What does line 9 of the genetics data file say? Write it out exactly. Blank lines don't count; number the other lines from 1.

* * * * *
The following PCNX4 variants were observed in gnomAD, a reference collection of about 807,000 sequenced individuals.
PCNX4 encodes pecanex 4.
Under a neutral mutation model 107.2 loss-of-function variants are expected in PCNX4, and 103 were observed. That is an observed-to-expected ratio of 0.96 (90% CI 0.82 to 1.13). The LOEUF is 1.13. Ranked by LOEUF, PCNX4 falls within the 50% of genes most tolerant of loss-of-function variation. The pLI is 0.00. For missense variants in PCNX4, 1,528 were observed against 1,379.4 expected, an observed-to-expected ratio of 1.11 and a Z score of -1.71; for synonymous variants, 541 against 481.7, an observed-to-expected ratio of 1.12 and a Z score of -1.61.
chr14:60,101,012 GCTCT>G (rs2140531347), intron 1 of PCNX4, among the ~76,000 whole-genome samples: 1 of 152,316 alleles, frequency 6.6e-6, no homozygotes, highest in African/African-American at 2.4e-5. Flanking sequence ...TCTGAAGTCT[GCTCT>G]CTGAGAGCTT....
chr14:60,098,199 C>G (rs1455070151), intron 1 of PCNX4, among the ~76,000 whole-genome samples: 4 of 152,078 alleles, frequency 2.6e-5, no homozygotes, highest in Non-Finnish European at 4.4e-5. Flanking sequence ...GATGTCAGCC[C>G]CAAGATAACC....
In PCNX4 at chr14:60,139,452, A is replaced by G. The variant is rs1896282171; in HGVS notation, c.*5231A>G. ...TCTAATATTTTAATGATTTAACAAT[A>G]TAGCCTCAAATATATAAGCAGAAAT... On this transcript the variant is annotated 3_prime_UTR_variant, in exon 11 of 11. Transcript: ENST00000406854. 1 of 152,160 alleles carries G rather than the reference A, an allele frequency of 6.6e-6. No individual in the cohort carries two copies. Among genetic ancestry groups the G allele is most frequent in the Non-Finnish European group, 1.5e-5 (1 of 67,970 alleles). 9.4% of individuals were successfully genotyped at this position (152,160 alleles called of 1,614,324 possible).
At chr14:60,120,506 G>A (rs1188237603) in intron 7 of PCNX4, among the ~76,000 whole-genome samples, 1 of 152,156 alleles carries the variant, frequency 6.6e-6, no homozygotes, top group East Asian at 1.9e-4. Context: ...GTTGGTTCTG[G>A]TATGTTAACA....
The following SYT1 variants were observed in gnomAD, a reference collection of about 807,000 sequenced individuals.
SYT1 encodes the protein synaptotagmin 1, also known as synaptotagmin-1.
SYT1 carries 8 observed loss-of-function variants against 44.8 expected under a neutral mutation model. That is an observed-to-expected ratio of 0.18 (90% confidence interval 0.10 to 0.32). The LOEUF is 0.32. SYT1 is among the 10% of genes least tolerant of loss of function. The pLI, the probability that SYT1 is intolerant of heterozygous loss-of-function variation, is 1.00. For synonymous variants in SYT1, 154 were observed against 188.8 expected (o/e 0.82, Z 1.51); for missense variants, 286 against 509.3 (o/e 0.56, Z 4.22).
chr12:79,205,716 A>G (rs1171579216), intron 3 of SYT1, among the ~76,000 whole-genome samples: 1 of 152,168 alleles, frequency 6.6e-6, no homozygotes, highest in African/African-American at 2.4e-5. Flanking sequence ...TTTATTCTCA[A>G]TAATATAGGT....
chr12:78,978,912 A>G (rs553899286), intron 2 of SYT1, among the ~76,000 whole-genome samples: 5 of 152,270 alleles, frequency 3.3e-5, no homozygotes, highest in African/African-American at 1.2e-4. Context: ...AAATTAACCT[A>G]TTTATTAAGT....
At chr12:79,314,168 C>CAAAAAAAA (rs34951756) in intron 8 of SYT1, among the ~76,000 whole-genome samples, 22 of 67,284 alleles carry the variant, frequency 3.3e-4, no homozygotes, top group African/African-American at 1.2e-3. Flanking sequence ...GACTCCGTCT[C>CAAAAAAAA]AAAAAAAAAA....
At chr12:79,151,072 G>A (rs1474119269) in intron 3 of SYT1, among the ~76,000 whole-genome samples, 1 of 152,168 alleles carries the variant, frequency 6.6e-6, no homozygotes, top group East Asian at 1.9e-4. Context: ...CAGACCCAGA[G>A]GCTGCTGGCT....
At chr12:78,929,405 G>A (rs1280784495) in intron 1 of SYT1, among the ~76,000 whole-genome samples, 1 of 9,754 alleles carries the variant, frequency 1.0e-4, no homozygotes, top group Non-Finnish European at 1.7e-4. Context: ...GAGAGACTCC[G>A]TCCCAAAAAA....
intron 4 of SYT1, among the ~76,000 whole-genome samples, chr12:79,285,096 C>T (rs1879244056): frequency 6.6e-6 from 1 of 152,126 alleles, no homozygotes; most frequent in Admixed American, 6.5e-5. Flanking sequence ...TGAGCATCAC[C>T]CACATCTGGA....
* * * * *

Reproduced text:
SYT1 encodes the protein synaptotagmin 1, also known as synaptotagmin-1.